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Beaucaire is a barber for the Royal French court who becomes a real "royal pain" for the king. As a result he is sent to the guillotine - however he is saved by the Duc de Chandre, who rescues and transports him to the Spanish court. While there Beaucaire poses as a noblesman. The only problem is, he gets into even more trouble. Written by
Bob Hope had a great talent for making mediocre lines sound funny. Here the lines he delivers are actually as hilarious as his delivery.
He actually does some quite decent acting in this one. The character of the barber Beaucaire is more romantic and less cynical than the comedian Hope.
Hope has surrounded himself with some of the most talented people in Hollywood. Cinematographer Lionel Lindon was nominated three times for an Oscar and won once with "Around the World in 80 Days." Film Editor Arthur P. Schmidt was nominated twice (for "Sayonara" and "Sunset Blvd.") Composer Robert Dolan was nominated 8 times between 1942 and 1947. Sadly, he never won. He should have been nominated for this movie, but he was already nominated for "Blue Skys" in 1946. Art Director, Hans Dreier, was nominated 20 times and won 4 Oscars. He should have been nominated for this movie, but he already had two other nominations in 1946. Set Decorator, Sam Comer was nominated 22 times and also won 4 Oscars. Male Costume Designer Giles Steele got 4 nominations and won twice. Mary Kay Dobson. who did the exquisite gowns in this film, was never nominated, but she should have won an Oscar for the fantastic four foot wide hooped skirts the women wear.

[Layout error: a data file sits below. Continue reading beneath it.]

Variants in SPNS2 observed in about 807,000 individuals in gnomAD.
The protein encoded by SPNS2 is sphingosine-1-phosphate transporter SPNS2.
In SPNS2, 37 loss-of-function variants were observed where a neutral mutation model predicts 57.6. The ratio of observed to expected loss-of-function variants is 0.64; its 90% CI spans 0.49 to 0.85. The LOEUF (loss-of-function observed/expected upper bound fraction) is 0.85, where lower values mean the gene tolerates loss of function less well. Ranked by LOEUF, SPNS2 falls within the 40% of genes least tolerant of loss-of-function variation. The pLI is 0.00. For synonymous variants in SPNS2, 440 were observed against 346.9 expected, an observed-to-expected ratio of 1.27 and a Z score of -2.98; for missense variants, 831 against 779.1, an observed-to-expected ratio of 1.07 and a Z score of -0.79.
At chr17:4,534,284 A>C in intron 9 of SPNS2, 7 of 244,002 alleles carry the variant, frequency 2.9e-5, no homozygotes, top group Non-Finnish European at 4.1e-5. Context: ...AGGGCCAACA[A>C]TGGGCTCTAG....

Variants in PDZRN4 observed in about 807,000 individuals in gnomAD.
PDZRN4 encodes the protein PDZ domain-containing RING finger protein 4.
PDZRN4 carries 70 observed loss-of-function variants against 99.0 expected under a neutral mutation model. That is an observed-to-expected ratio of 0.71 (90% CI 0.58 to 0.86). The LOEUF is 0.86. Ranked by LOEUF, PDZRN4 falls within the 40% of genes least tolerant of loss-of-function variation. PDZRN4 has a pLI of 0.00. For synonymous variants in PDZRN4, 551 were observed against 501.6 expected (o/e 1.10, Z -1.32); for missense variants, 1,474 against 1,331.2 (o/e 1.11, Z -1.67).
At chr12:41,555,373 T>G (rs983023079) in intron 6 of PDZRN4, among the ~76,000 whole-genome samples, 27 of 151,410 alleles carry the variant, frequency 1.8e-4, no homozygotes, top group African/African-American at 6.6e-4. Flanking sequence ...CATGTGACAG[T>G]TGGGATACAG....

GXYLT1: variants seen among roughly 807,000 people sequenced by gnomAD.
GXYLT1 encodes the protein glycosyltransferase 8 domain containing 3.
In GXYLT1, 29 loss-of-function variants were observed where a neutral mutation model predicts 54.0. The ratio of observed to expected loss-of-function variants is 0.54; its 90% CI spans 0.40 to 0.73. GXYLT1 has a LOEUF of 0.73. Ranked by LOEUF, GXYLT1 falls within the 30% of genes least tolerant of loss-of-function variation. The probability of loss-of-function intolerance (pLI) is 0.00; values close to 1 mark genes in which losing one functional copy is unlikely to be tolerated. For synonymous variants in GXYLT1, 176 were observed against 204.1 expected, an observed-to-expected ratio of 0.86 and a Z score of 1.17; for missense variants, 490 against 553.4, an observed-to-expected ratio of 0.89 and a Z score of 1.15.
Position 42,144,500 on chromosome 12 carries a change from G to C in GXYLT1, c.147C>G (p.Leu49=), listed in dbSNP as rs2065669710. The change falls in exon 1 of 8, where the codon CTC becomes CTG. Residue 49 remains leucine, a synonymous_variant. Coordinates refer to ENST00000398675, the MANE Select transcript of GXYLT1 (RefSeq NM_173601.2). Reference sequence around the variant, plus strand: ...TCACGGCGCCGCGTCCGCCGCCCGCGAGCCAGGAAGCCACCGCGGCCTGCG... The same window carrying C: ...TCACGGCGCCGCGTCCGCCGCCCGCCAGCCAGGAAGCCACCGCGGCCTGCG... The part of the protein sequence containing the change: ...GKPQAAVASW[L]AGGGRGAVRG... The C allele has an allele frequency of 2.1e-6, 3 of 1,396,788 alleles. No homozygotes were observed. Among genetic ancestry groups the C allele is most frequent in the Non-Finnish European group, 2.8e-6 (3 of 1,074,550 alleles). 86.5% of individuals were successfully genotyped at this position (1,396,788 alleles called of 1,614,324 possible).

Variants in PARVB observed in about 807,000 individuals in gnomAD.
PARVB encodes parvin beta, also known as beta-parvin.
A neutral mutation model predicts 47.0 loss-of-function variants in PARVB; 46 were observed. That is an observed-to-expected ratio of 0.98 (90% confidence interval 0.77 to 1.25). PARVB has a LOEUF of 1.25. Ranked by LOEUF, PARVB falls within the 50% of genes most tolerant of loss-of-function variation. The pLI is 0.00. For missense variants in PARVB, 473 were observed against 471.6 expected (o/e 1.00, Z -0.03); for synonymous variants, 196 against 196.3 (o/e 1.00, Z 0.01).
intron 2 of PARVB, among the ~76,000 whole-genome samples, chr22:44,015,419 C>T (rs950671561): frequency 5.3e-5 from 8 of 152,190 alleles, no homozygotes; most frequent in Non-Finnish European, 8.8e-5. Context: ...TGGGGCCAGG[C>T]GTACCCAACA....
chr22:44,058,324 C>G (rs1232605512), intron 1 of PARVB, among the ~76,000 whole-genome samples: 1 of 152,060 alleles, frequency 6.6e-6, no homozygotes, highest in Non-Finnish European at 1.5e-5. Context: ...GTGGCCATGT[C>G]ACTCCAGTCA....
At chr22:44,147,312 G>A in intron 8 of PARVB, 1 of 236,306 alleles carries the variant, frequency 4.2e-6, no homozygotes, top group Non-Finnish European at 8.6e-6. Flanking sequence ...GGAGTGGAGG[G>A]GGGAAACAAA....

Hope was never nominated for an Oscar, but this is the one movie where I think his performance merited consideration.
Joan Caulfield, in only her second film, is dazzling. As Mimi, Beaucaire's love interest, she is hilarious and has excellent chemistry with Hope. The same year, she played the love interest of both Fred Astaire and Bing Crosby in "Blue Skys". Everybody else in the cast is just delightful.
The funniest scene is when Beaucaire meets the King of Spain. Beaucaire is pretending to be an aristocrat. He is told to act "distainful" When they meet, Beaucaire and the King just glare at each other through lorngettes (opera glasses).
Second funniest is when Beaucaire gets exposed as a barber and slapped. The king tells him to slap the fellow back. "Everybody is entitled to his opinion," answers Hope meekly, "Why if I had a sword..." A lackey offers his sword to Hope, who quickly pushes him away, saying, "Mind your own business." If you're in the mood for a wonderful and sweet old romantic comedy, put across by some of the most talented people in the golden age of Hollywood, don't miss it.
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